This diminutive, dimly lit room beside the veg stalls of Berwick Street Market was one of the places that signalled, when it opened in 2005, the increasing influence of Antipodean coffee culture in London. It was hugely popular from the outset. Coffee has always occupied centre stage here, and while espresso drinkers have sometimes been disappointed, our latest visit was a resounding success.
Conceived by restaurateur Alan Yau more than a decade ago, this original branch of Busaba Eathai attracted queues round the block when it opened in Soho. These days, Yau has only a minority share, and Busaba has become a ten-strong chain – but it’s still not your average Thai joint. The dark, handsome interior combines teak wood, incense and dimly lit lanterns.
A little sister of the other Gail’s scattered across London, this branch of the artisan bakery is fighting its corner, quite literally, in Soho. The interior decor is a product of the same white/red/grey palette of its siblings, and the zinc-topped counters and exposed lightbulbs parading around the perimeter of the room remind you that Gail’s is taking its arrival in W1 seriously.
If Spanish hams are your thing, check out this first branch outside Spain this chain of high-quality jamonerías. This Soho outpost is asmall, no-frills place, with a slicing counter and display cabinets upfront and simple seating up back. Local colour is provided by the manySpanish-speaking staff and customers – expats suffering withdrawalsymptoms, no doubt.
Houmous may be nothing more than cheap student-fuel to many, but this humble chickpea paste is elevated to something altogether more delicious in the hands of Hummus Bros. The original Wardour Street outlet is still spartanly decorated, despite a ten-year refit, with communal tables and big windows – with queues of office workers snaking into the street at lunchtime: scenes replicated at the Holborn and Cheapside branches.
There are few more affable temples to nostalgia than this cluttered café, its brick walls covered with ’80s memorabilia – from record sleeves of celebrated movie soundtracks (Back To The Future, St Elmo’s Fire) to a T-shirt bearing the surnames of the original Breakfast Club actors. Finding a weathered wooden table on which to perch isn’t easy at lunchtime, but it’s the best way to fully appreciate the similarly sigh-inducing range of comfort food.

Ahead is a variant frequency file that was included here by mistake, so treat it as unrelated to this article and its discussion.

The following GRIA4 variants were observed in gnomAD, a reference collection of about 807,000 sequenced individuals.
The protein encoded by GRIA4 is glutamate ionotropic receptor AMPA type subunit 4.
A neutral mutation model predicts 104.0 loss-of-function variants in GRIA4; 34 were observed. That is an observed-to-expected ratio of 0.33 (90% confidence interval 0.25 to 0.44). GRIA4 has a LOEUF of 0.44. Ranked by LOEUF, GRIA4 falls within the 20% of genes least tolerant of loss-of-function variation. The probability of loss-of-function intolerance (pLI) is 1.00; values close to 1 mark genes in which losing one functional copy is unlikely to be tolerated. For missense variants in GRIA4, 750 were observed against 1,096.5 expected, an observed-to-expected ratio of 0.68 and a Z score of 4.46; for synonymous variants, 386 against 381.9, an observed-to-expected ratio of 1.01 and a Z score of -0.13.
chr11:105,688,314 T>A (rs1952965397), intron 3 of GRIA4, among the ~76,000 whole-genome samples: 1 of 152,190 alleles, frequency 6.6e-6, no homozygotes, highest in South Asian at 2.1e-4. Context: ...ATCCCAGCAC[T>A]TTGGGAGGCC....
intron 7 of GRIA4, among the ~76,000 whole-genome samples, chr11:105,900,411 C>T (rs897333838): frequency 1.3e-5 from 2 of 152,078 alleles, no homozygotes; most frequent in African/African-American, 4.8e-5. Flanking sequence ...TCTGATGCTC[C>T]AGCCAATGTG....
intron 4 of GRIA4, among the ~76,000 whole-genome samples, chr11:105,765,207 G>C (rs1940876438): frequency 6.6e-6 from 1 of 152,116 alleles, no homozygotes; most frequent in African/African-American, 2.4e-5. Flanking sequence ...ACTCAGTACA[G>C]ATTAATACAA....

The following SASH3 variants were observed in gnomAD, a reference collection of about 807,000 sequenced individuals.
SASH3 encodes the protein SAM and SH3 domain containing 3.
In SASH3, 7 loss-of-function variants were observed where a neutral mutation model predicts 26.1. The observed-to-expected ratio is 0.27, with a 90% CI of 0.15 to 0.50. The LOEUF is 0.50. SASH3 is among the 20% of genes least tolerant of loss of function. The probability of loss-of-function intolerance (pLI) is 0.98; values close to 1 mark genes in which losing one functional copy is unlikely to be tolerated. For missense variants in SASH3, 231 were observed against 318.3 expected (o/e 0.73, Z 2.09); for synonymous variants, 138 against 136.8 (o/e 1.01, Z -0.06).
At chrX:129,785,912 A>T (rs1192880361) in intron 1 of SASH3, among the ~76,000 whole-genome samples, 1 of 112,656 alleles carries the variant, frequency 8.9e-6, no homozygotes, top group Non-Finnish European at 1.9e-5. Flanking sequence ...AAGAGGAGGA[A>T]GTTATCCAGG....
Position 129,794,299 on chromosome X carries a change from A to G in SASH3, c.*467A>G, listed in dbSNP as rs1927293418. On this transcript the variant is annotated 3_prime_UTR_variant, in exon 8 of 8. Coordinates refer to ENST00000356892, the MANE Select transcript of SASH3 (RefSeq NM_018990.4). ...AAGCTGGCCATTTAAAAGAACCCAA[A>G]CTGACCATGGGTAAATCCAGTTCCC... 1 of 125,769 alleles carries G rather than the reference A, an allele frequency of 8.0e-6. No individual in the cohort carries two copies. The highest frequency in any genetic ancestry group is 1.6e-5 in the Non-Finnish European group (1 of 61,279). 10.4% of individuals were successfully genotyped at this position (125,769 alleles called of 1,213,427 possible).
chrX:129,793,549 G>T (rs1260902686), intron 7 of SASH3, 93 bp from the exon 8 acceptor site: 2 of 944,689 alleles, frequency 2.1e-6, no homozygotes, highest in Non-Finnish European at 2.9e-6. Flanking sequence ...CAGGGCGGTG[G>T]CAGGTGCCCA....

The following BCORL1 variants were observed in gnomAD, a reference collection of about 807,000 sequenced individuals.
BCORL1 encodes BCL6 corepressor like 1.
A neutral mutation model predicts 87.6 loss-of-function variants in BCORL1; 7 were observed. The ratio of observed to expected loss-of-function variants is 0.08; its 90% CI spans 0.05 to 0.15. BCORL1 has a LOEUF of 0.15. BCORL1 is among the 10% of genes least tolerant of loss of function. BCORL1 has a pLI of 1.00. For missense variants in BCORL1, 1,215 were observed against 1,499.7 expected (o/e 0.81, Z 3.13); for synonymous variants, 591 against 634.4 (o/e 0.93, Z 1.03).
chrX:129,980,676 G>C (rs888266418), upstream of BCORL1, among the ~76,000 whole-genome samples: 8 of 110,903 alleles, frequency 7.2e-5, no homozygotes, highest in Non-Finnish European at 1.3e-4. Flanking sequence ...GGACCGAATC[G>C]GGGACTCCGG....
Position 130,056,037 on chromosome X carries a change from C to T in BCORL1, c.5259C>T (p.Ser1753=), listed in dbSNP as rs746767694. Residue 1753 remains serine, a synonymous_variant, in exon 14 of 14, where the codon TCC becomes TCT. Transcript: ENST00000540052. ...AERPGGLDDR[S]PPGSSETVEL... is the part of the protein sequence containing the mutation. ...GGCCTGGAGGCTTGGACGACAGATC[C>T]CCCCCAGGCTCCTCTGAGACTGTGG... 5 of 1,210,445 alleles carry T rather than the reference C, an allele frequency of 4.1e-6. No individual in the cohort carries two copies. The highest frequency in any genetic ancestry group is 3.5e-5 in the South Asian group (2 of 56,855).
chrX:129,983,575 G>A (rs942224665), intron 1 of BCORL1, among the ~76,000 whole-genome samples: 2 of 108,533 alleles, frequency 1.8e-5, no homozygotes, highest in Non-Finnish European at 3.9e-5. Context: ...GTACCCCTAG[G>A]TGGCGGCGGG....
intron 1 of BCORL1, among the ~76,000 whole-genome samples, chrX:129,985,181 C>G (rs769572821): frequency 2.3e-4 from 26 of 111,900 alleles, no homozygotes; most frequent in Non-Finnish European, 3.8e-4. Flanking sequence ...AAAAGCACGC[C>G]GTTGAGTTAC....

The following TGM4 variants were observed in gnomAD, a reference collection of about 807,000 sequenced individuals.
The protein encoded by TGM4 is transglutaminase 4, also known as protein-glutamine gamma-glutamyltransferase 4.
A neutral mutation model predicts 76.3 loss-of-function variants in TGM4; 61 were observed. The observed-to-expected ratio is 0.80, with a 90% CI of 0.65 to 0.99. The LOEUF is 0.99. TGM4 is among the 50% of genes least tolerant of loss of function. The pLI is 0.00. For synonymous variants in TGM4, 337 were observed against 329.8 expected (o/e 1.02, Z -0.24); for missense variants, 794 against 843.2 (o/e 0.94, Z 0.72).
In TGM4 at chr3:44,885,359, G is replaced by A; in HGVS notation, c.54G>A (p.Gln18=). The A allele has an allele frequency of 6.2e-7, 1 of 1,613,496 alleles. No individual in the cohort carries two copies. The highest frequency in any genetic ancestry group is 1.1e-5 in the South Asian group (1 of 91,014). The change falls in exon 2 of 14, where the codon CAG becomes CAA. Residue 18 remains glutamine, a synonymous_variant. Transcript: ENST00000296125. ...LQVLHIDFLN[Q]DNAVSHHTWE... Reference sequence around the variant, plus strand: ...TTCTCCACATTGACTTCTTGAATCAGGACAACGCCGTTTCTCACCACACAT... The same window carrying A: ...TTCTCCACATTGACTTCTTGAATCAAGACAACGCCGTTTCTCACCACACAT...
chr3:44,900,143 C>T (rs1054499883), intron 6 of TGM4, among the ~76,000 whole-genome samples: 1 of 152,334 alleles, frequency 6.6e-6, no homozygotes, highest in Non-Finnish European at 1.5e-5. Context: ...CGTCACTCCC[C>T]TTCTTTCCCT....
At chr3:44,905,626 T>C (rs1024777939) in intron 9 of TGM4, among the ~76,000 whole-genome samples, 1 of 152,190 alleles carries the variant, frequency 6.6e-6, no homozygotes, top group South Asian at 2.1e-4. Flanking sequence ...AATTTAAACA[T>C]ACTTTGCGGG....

Poised at the top of Wardour Street, Brgr.co’s first branch outside Lebanon opened to a mixed reception. In a city in the throes of street-food hysteria, it doesn’t curry any favours by plastering a theory of ‘BRGRology’ all over the placemats. Small burgers, made from the cheapest cuts, start at a very reasonable £4.75. Ordering them is more difficult, with the staff schooled in the art of upselling expensive specials and gourmet alternatives.
Yalla Yalla continues to produce its hit formula of superior Lebanese cooking in a casual setting. Its self-styled ‘Beirut street food’ resonates with the upbeat informality of these dinky Soho premises; we’ve found the quality to match that of much pricier restaurants. Diners cram on to faux-rustic tables at lunchtime, while others nip in for takeaway wraps – filled with everything from falafel to spicy sujuk sausage – from the pre-prepared selection behind the counter.
This quick-fix open all-week spot has taken fusion to a new level with new-fangled spins on South African bunny chow - Durban’s comforting curry-in-a-loaf staple. After selling bunnies from a food truck and then a pop-up in Shoreditch, the team who set up Bunnychow have switched its allegiance and turned the dial down low on its South African roots.
Jerk City takes the idea of not changing a winning formula maybe a little too far. We’d say the menu hasn’t changed in years, but it’s more likely that it hasn’t changed since the place opened. The decor and furnishings still feel like the student-flat section of an Ikea showroom.
Falafel-filled pittas are the star at this global vegetarian fast-food chain. White or wholemeal pockets, crammed with crunchy falafel, are handed to customers, who can then top them off with a choice of garnishes from the buffet. And what a feast for the eyes this salad bar is: from pickles and olives to bulghur wheat salad, shredded red cabbage and a huge selection of sauces – it’s easy to overfill your pitta.
Tapas Brindisa Soho
Decor at the Soho branch of Brindisa feels more than a little chain-like: understated and functional, with dark wood furnishings and deep red walls. But this is noticeable only during quiet periods, of which there are few, and is merely a backdrop to the consistently enticing and well-executed menu. A lunchtime ‘platter’ for two showcased what’s still great about Brindisa tapas, yielding a selection of well-balanced dishes featuring superb ingredients and demonstrating a pleasing avoidance of the standard-issue stodgy or deep-fried fare of many a tapas bar. Our seven dishes included excellent ham croquetas (smooth creamy filling with tender morsels of ham, encased in a crisp exterior); zesty leaves, flecked with walnuts and nutty manchego; and a round of morcilla topped with sweet caramelised onions and roasted peppers. This added up to generous amount of food, and an extra dish of lightly fried monte enebro cheese drizzled with honey was superb, but entirely superfluous. Brindisa deserves its continuous footfall and always seems to come up with the goods, be it for an informal lunch or a smart dinner date.
Venue says: “Monday cellar sessions – Spanish Atlantic Coast wines. Every Monday enjoy stunning wines for an amazing prices at Tapas Brindisa Soho.”